As Shutdown Stretches on, Debt Ceiling Questions Loom
The partial government shutdowns could affect investors soon, because if the debt limit isn't raised we could see an increase in rates and a decline in liquidity.
Aron Szaprio: As the shutdown stretches into its fourth week, I've been getting a lot of questions about whether anything has changed. I wrote a column earlier in the shutdown explaining that we've got a lot of experience with these, and longer ones of course slightly ding the economy. But the big story is that shutdowns are really a lagging indicator of governmental dysfunction and a leading indicator that it will be hard for Congress to accomplish much going forward.
Shutdowns have been a regular feature of American government ever since Congress set up the modern appropriations process way back in 1974. If I can paraphrase "Casablanca": This is just like any other shutdown, only moreso.
The window for this Congress to pass bipartisan legislation that could help ordinary investors was always going to be pretty limited, given the realities of divided government. These efforts might have included cleaning up the tax bill to fix technical errors, making it easier for 401(k) savers to access guaranteed income, or adjusting required minimum distributions—to name a few things Congress is pursuing. Obviously, this shutdown makes doing any of those things more difficult.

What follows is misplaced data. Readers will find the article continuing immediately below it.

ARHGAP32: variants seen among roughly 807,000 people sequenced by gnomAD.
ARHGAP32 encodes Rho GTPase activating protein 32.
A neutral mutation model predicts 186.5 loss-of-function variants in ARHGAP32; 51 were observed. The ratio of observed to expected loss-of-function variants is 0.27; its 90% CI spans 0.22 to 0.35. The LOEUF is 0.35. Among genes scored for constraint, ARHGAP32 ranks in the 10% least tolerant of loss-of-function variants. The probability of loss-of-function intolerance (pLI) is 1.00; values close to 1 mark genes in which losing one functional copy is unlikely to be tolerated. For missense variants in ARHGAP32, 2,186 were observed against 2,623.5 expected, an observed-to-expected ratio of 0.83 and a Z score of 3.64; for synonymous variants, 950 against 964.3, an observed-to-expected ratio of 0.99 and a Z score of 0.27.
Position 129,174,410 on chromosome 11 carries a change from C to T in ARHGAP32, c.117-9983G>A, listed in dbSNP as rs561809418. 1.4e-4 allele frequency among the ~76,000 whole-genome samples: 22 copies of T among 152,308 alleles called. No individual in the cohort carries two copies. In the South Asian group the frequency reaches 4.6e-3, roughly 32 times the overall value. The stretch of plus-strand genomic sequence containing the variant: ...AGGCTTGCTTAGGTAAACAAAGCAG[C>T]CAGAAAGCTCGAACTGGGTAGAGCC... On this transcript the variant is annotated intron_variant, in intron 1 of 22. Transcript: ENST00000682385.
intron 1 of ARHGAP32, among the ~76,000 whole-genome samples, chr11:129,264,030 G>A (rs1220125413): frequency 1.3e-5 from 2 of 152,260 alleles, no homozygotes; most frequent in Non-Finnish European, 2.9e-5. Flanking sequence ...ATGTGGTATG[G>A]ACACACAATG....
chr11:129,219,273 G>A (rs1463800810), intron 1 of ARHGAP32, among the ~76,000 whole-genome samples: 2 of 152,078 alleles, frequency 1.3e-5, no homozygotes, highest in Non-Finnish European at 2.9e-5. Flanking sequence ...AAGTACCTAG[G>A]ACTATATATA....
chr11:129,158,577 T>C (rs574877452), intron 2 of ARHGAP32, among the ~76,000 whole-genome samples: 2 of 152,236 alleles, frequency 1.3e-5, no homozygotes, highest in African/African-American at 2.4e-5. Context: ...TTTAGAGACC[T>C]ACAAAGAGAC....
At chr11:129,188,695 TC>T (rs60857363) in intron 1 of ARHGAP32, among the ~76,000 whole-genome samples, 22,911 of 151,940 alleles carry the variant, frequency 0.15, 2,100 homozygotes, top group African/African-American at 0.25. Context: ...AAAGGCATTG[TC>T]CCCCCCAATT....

This shutdown also raises some questions about Congress' ability to deal with something even more important for ordinary investors and potentially the entire U.S. economy: the debt ceiling. The media often conflates shutdowns and the debt ceiling, but they are very different, and I want to explain that. The shutdown simply means Congress has not appropriated funds to keep federal agencies running. In contrast, failing to raise the debt limit could lead to a financial catastrophe--that's not my analysis, that's the official line form the U.S. Treasury Department, U.S. Government Accountability Office, and basically every other expert who has looked at the U.S. defaulting on its obligations.
So coming back to the shutdown and investing, after March 1, the government will need to take "extraordinary measures" to avoid defaulting, and those measures will last for a few months. Ordinary investors should be aware that in 2013, the last time it looked as though Congress might not raise the limit, the market avoided Treasury securities that matured around the dates when the government projected it would exhaust the extraordinary measures.
So, looking ahead, ordinary investors shouldn't be surprised if we see an increase in rates and a decline in liquidity if it looks like the debt ceiling fight is going to be dramatic again. The current state of the shutdown may presage such drama.
In terms of when this might end, no one knows for sure. But there is an unusual dynamic that is not that encouraging. Previous shutdowns have been due to Congress adding riders to appropriations bills the president deemed unacceptable. The president then has an incentive to make the shutdown hard for ordinary Americans, to push for an end to the impasse. This shutdown is reversed: The president wants the policy riders, and he has an incentive to make the shutdown as painless as possible by taking a broad view of what government can do. For example the president has tried to keep parks open and has said he will try to send tax refunds during a shutdown. That may mean things go on for longer than they otherwise would have.
For Morningstar, I'm Aron Szapiro.